Ms. Waring testified she has a degree in sociology, has been employed by DPRS for twenty years, has been in the child care licensing division for ten years, and has been a supervisor for DPRS for eight years. Rule 702 authorizes an expert to give an opinion based on practical experience. See Tex.R. Evid. 702; Carter v. State, 5 S.W.3d 316, 320 (Tex.App.-Houston [14 Dist.] 1999, pet. ref'd). We cannot say the trial court abused its discretion in allowing Ms. Waring to testify as an expert.

    Best Evidence and Hearsay

    The assistant attorney general asked Ms. Waring what she had observed while visiting Mega Child Care shortly before the hearing. Her narrative response, liberally interspersed with appellants' objections, occupies several pages of the record. Ms. Waring said:

    I asked were—were there any other children in care besides the one infant. She again pointed me down to the infant room area. I went down there.
    * * *
    I asked if there was any paper work on the children, and she pointed to a—an attachment to the file cabinet that had some files in it.
    * * *
    I looked at the paperwork that was there. There were three files on three different children. The information that was in the files did not—with their date of birth—did not correspond to the ages of the children that I saw.

    Appellants objected to the first statement as inadmissible hearsay; the second as both inadmissible hearsay and a violation of the best evidence rule; and the third as a violation of the best evidence rule.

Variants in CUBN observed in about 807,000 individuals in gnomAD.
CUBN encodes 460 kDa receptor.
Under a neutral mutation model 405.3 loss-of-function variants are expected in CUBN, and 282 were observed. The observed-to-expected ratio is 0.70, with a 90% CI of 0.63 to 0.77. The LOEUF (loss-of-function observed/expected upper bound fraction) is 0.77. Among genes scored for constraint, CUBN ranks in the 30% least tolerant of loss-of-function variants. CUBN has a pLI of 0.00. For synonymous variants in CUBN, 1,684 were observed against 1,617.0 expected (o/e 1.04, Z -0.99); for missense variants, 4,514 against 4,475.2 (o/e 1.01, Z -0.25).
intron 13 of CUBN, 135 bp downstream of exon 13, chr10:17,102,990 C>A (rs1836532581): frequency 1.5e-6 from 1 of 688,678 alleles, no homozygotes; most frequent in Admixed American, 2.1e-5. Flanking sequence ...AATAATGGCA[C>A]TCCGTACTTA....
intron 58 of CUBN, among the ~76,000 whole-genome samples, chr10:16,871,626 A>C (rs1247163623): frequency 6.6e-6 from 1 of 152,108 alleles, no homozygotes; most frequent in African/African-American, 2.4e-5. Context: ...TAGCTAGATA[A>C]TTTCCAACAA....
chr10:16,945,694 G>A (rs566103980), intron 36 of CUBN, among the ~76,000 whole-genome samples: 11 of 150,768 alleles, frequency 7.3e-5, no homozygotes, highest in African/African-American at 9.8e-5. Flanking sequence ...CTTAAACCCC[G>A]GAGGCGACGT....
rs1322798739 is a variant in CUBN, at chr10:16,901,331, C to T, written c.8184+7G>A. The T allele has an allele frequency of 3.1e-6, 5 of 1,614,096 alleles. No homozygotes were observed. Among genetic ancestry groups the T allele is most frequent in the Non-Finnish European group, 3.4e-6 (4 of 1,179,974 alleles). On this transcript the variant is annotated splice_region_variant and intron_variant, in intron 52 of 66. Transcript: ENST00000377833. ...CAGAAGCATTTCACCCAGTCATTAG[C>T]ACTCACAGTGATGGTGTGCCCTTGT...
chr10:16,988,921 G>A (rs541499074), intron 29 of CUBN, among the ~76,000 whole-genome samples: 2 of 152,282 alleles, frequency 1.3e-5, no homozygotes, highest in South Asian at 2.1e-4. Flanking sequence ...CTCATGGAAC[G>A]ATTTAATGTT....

Hearsay, is generally inadmissible; it is defined as "a statement, other than one made by the declarant while testifying at the trial or hearing, offered in evidence to prove the truth of the matter asserted." Tex.R. Evid. 801, 802. Here, *311 neither of the employee's gestures were offered to prove the truth of the matter asserted, i.e, that other children were in the direction of the infant room or that paper work was in a particular place. Rather, the testimony was elicited to show Mega Child Care was open for business and caring for children.

    The "best evidence rule" provides that "[t]o prove the content of a writing, recording, or photograph, the original writing, recording, or photograph is required except as otherwise provided in these rules or by law." Tex.R. Evid. 1002. The second statement, that an employee gestured at a file cabinet does not allude to the contents of any writing. Thus, the best evidence rule is not applicable.

    In the third statement, Ms. Waring's statement makes reference to a paperwork discrepancy. Accordingly, this testimony alludes to the contents of a writing. However, if the writing is not closely related to a controlling issue in the case, its contents may be admissible without the necessity of offering the original into evidence. See Tex.R. Evid. 1004(e). Here again, the issue in dispute was whether Mega Child Care was open for business after its license had been revoked. Ms. Waring's observations confirm that Mega Child Care was open for business. Whether its paperwork was in order was entirely collateral to the primary issue before the trial court.